Dark Sky Films

"Them," a film from first-time French writers-directors David Moreau and Xavier Palud, is about as elemental as a horror film can get: terrorize a blameless married couple for about 60 of the film's brief 75 minutes until the characters can no longer think or act rationally.

The threat comes from the unknown. In and around a large country home in the dead of night, shadowy assailants lurk everywhere -- in the garden, the house, then the attic and even on the roof. The film operates off sheer dread, since these mysterious hooded figures come at the poor couple with relentless, wordless malevolence and for no apparent reason.

The film opens today in New York in a limited domestic national rollout by Dark Sky Films. It should scare up a bit of boxoffice as it does hearken back to the day when horror meant the imagination gone wild rather than severed body parts. Otherwise, the film is all too pointless.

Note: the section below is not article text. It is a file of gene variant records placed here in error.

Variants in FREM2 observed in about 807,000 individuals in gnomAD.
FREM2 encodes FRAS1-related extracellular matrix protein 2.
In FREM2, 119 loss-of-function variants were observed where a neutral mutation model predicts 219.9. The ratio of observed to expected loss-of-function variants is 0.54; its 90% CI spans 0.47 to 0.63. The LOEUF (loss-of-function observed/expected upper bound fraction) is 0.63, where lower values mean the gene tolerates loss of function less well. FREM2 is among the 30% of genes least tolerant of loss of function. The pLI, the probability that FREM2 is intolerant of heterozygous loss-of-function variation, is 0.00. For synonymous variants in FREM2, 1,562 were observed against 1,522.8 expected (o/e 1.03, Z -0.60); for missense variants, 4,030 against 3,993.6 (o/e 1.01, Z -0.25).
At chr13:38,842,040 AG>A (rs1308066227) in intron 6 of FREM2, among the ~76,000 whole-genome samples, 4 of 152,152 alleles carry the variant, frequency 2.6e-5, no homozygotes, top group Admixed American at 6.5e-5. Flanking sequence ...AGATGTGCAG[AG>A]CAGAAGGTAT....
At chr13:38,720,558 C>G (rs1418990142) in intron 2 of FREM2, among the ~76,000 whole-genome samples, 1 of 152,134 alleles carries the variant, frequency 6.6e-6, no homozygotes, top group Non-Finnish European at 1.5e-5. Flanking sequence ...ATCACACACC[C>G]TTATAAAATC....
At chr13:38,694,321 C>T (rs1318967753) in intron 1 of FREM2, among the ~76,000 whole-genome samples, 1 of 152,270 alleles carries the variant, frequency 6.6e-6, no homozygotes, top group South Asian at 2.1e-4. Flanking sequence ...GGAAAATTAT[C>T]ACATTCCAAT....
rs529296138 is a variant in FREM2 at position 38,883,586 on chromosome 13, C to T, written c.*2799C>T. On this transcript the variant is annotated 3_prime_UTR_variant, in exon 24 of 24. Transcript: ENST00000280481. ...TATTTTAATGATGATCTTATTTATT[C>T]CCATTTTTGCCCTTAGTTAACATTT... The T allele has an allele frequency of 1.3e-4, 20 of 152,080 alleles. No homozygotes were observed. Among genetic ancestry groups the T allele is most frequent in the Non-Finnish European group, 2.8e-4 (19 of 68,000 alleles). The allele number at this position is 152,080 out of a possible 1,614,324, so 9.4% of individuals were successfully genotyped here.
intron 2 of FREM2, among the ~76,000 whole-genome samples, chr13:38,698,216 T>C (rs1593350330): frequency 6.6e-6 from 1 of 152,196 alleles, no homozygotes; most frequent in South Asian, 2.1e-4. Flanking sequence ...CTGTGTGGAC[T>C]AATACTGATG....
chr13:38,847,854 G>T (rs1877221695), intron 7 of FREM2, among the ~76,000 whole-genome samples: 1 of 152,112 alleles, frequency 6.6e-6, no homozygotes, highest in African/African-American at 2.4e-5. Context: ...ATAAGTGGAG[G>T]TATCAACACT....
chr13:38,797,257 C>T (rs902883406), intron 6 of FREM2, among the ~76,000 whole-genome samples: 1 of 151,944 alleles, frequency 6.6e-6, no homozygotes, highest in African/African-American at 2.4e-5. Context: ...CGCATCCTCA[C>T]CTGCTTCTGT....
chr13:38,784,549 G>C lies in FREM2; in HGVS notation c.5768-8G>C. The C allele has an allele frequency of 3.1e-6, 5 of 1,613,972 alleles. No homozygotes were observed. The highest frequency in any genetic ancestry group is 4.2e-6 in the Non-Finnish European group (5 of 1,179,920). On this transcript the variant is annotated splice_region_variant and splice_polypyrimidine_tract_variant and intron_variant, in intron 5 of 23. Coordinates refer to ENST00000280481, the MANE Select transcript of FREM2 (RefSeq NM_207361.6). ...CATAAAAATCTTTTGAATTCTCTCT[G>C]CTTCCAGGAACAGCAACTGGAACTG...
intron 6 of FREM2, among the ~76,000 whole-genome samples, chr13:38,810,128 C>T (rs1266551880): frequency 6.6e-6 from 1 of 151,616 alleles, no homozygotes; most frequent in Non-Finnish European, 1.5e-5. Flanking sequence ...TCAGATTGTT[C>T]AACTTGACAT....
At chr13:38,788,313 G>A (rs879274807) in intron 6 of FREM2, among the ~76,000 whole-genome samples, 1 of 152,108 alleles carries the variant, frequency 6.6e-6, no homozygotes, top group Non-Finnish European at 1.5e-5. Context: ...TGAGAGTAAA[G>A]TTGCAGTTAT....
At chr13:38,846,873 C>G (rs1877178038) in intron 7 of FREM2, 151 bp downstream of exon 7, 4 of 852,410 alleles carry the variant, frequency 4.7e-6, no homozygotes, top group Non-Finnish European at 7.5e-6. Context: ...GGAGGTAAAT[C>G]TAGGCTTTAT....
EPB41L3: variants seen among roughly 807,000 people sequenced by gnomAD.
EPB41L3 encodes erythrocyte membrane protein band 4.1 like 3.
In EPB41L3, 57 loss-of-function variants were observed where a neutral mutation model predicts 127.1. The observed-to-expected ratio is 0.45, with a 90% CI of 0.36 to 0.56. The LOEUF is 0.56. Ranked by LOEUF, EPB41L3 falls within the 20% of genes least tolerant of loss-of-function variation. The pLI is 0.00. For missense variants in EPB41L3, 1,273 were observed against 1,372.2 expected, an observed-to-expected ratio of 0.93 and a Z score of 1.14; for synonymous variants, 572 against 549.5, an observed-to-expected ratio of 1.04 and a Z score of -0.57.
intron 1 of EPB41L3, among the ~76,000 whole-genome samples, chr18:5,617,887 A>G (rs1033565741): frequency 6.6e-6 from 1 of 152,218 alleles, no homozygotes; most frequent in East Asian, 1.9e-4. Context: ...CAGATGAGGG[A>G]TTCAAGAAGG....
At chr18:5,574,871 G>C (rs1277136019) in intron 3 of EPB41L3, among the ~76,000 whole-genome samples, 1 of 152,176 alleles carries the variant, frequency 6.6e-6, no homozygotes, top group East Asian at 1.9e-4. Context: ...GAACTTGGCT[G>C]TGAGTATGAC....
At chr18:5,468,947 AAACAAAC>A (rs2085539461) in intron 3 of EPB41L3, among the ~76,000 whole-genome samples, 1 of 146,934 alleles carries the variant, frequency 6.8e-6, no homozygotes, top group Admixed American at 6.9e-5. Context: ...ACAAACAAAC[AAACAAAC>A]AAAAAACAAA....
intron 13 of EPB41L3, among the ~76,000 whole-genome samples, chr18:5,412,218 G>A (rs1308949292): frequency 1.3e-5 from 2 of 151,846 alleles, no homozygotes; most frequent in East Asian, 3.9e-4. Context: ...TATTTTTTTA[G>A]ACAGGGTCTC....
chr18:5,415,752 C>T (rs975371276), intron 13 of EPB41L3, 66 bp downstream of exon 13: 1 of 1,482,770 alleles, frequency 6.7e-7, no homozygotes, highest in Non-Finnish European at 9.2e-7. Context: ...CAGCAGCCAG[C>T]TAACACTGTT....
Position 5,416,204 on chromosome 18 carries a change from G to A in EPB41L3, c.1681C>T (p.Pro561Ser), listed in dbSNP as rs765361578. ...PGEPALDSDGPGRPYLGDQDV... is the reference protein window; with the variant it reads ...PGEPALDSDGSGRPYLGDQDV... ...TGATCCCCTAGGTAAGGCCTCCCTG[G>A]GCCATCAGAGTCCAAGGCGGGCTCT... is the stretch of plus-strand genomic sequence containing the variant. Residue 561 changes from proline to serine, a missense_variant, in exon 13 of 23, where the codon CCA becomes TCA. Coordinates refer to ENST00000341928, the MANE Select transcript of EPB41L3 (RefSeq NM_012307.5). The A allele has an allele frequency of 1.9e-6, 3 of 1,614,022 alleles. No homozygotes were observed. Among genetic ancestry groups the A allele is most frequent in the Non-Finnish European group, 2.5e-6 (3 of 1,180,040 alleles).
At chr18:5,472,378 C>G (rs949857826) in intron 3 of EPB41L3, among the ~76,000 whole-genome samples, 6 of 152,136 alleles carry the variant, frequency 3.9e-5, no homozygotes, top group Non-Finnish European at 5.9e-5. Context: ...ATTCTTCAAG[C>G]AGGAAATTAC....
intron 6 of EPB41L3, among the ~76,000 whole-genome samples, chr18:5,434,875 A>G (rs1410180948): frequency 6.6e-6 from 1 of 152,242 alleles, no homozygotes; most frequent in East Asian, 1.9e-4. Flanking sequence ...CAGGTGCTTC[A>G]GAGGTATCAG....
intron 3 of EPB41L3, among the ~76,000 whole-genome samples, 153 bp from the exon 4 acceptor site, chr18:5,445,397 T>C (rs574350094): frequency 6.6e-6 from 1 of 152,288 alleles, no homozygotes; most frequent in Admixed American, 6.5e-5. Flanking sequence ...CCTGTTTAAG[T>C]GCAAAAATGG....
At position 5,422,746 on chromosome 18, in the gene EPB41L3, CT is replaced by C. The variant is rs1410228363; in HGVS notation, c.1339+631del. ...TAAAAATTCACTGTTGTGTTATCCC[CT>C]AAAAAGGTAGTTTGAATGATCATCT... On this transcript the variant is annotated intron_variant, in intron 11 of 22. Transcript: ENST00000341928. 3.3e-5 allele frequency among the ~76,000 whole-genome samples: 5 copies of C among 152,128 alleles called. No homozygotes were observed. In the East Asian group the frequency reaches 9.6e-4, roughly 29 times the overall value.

After a teaser where these nighttime assailants terrify and murder a woman and her daughter stranded on a desolate road heading for Bucharest, Romania, the movie settles in with the next victims: Clementine (Olivia Bonamy), who teaches at a French school in Bucharest, and her writer husband Lucas (Michael Cohen). They live in a large house in the forest, clearly a prime candidate for a visit from Them.

Things begin with strange noises and the apparent theft of Clem's car. Next thing the couple knows, doors and windows begin to bang, shutters slam shut and the electricity fails. Soon Lucas is wounded by flying glass and someone is stalking Clem. Clem pushes one surprisingly unresisting intruder from her roof, but even this fails to stop the onslaught.

When the couple escapes the house and stumbles through the woods, illogic strikes as they climb down into an underground storm drain that is clearly urban. One might also wonder how Them always manages to unerringly discover where their victims are hiding. One shouldn't question too much in horror films.

The ending underscores the old cliche about the banality of evil but getting there is meant to be the whole fun. For some people at least.